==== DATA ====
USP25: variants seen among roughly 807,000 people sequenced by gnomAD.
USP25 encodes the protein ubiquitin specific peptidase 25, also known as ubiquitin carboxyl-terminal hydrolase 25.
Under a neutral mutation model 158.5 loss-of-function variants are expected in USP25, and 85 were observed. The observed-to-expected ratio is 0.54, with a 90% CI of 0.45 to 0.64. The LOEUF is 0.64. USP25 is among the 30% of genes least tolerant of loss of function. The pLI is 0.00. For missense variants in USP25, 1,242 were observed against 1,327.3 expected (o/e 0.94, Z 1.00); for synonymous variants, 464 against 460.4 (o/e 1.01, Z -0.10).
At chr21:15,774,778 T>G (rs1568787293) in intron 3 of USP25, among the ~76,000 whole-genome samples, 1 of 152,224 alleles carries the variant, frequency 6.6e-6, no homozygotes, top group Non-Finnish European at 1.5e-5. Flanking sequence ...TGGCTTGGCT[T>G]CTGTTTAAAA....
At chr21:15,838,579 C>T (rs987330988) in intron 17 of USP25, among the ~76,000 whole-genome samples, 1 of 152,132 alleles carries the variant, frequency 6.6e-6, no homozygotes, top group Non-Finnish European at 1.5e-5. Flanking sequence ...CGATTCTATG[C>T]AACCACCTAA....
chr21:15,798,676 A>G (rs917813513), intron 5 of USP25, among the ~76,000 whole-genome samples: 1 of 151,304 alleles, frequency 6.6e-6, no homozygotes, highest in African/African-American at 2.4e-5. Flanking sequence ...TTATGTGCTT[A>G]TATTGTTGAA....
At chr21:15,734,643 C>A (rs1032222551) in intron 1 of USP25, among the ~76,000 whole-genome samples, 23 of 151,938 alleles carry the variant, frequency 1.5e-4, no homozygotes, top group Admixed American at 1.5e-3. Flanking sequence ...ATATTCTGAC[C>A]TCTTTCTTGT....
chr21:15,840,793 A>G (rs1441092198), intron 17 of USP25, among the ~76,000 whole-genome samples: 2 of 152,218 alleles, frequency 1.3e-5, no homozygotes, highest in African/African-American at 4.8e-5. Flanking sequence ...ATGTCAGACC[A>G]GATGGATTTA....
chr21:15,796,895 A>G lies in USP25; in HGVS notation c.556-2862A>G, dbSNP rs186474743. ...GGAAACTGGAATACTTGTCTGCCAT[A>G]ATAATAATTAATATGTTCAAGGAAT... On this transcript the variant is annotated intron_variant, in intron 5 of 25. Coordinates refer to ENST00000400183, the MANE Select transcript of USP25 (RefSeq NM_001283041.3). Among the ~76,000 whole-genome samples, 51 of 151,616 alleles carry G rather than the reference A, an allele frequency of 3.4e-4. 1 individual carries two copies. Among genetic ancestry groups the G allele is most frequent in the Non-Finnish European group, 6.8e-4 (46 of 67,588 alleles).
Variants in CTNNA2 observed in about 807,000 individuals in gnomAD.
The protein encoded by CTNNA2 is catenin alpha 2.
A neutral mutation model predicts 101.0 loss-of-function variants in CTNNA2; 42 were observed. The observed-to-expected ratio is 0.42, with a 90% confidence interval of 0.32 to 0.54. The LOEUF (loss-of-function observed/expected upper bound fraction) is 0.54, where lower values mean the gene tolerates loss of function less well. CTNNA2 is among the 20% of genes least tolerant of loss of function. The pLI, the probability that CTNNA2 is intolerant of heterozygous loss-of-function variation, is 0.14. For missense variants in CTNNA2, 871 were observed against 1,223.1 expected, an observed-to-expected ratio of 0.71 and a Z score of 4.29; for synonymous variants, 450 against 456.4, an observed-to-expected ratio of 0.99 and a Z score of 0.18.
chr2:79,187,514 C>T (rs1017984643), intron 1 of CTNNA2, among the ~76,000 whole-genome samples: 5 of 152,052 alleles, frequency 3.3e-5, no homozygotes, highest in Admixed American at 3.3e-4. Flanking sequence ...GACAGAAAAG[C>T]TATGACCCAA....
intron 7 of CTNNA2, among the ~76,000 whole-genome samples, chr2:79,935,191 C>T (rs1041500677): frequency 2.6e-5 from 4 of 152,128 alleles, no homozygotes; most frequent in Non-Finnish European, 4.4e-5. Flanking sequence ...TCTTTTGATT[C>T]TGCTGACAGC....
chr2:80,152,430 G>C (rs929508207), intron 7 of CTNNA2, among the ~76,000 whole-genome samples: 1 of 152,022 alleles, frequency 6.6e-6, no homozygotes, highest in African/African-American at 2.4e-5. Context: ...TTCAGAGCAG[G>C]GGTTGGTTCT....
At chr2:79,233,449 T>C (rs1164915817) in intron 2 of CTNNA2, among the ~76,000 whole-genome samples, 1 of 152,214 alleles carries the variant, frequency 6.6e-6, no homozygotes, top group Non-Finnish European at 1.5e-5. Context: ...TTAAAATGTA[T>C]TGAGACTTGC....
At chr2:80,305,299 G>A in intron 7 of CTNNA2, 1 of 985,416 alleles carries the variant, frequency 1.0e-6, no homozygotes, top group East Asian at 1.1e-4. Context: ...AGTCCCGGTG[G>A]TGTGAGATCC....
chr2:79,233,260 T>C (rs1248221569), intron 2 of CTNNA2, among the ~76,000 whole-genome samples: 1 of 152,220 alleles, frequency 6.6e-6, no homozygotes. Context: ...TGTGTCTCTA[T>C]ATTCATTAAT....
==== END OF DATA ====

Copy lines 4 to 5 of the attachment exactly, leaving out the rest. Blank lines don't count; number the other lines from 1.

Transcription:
At chr21:15,774,778 T>G (rs1568787293) in intron 3 of USP25, among the ~76,000 whole-genome samples, 1 of 152,224 alleles carries the variant, frequency 6.6e-6, no homozygotes, top group Non-Finnish European at 1.5e-5. Flanking sequence ...TGGCTTGGCT[T>G]CTGTTTAAAA....
At chr21:15,838,579 C>T (rs987330988) in intron 17 of USP25, among the ~76,000 whole-genome samples, 1 of 152,132 alleles carries the variant, frequency 6.6e-6, no homozygotes, top group Non-Finnish European at 1.5e-5. Flanking sequence ...CGATTCTATG[C>T]AACCACCTAA....